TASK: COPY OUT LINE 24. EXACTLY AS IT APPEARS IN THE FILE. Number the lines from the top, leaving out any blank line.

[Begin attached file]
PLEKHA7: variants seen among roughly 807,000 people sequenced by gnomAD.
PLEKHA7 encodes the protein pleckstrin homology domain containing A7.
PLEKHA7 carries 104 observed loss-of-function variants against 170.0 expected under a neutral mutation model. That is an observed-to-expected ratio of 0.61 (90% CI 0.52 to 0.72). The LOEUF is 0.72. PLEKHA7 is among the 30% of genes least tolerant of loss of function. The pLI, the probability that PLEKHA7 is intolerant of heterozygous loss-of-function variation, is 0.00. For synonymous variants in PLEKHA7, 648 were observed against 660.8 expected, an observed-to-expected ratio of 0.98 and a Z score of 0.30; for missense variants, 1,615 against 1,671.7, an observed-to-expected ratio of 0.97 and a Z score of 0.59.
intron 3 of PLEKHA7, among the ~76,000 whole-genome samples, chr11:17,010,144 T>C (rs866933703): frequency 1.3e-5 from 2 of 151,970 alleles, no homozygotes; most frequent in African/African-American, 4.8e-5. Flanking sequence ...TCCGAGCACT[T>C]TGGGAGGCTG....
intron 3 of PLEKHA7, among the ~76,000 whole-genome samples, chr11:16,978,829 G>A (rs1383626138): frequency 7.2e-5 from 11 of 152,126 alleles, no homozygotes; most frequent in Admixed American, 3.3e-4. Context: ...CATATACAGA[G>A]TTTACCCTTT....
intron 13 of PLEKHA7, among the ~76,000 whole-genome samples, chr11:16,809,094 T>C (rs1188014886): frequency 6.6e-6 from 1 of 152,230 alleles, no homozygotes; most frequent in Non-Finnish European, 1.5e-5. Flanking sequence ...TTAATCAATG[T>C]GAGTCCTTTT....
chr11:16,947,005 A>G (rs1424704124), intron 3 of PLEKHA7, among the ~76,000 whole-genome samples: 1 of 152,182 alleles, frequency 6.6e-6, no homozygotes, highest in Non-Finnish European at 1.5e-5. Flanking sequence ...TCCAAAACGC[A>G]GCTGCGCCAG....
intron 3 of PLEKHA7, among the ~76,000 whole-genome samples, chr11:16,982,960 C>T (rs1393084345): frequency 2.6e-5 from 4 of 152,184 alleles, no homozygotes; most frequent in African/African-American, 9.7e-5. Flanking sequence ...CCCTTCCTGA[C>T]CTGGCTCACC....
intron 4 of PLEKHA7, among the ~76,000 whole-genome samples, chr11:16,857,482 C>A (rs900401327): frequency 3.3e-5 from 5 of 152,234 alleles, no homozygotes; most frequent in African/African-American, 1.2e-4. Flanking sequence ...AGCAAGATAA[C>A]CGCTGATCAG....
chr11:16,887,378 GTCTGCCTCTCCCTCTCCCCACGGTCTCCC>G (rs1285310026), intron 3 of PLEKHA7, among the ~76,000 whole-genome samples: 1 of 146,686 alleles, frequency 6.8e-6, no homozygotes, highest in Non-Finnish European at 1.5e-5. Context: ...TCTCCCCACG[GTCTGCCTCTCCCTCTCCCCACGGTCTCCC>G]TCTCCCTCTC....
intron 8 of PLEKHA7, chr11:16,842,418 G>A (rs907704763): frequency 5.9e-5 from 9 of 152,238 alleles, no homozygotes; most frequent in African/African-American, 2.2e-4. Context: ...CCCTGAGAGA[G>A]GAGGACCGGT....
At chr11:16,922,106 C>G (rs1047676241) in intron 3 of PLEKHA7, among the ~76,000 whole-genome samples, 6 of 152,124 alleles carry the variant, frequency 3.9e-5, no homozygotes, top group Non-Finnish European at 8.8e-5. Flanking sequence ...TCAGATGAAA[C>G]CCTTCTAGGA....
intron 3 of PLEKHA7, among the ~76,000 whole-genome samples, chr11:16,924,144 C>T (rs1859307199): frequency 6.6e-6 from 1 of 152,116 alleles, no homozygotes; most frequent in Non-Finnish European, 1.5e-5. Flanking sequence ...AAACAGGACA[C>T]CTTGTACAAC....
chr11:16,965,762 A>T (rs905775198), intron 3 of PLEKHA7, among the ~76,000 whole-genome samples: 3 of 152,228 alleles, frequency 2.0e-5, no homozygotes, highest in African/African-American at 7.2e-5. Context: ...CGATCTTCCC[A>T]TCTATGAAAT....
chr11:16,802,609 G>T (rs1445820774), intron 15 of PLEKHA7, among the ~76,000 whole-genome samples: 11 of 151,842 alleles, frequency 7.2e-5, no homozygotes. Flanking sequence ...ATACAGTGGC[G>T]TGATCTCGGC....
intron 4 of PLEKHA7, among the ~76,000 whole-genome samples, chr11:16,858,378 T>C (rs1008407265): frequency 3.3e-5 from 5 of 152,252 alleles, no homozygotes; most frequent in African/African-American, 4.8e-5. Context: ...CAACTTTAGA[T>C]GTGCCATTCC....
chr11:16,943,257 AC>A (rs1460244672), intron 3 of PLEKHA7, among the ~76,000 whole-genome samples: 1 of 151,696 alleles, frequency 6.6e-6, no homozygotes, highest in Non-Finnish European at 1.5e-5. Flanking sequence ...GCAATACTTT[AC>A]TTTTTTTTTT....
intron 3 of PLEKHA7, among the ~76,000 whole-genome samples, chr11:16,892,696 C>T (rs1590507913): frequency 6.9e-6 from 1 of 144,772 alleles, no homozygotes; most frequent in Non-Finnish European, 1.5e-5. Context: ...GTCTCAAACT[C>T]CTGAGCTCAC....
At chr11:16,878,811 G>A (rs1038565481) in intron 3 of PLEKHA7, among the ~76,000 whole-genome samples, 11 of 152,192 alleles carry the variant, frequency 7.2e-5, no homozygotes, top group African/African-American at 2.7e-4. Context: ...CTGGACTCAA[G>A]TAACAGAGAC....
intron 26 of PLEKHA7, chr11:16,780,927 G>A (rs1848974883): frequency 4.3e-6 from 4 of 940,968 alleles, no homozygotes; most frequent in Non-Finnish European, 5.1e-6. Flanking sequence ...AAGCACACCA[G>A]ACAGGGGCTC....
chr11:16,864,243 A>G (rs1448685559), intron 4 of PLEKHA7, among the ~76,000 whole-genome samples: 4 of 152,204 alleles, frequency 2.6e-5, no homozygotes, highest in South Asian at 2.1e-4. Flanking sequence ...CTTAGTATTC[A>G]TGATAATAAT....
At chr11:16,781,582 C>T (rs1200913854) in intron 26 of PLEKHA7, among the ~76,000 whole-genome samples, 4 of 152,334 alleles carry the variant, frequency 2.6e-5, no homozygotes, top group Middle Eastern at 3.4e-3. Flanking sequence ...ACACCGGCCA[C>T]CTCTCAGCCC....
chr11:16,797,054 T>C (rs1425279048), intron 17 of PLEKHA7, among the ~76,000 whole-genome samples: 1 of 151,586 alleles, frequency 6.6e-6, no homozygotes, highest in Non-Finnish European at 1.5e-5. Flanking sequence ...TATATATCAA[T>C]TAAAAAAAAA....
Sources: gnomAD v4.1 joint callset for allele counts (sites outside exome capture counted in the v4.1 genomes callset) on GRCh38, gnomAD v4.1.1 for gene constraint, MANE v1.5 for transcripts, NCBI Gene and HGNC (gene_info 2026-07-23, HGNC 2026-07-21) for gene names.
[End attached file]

Sources: gnomAD v4.1 joint callset for allele counts (sites outside exome capture counted in the v4.1 genomes callset) on GRCh38, gnomAD v4.1.1 for gene constraint, MANE v1.5 for transcripts, NCBI Gene and HGNC (gene_info 2026-07-23, HGNC 2026-07-21) for gene names.